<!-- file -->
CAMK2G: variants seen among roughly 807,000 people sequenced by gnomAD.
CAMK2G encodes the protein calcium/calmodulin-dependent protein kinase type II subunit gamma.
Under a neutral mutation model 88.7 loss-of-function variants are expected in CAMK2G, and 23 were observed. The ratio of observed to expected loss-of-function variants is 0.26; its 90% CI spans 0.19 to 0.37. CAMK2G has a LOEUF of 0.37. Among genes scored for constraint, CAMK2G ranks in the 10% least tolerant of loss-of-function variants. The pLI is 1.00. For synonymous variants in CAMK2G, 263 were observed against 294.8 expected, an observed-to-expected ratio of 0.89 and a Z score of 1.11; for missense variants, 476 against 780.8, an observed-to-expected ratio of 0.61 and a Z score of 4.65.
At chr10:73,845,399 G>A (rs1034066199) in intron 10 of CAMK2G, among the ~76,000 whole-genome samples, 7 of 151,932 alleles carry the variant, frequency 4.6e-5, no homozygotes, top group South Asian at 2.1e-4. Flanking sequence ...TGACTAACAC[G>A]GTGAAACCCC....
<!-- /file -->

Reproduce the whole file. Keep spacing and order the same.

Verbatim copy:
CAMK2G: variants seen among roughly 807,000 people sequenced by gnomAD.
CAMK2G encodes the protein calcium/calmodulin-dependent protein kinase type II subunit gamma.
Under a neutral mutation model 88.7 loss-of-function variants are expected in CAMK2G, and 23 were observed. The ratio of observed to expected loss-of-function variants is 0.26; its 90% CI spans 0.19 to 0.37. CAMK2G has a LOEUF of 0.37. Among genes scored for constraint, CAMK2G ranks in the 10% least tolerant of loss-of-function variants. The pLI is 1.00. For synonymous variants in CAMK2G, 263 were observed against 294.8 expected, an observed-to-expected ratio of 0.89 and a Z score of 1.11; for missense variants, 476 against 780.8, an observed-to-expected ratio of 0.61 and a Z score of 4.65.
At chr10:73,845,399 G>A (rs1034066199) in intron 10 of CAMK2G, among the ~76,000 whole-genome samples, 7 of 151,932 alleles carry the variant, frequency 4.6e-5, no homozygotes, top group South Asian at 2.1e-4. Flanking sequence ...TGACTAACAC[G>A]GTGAAACCCC....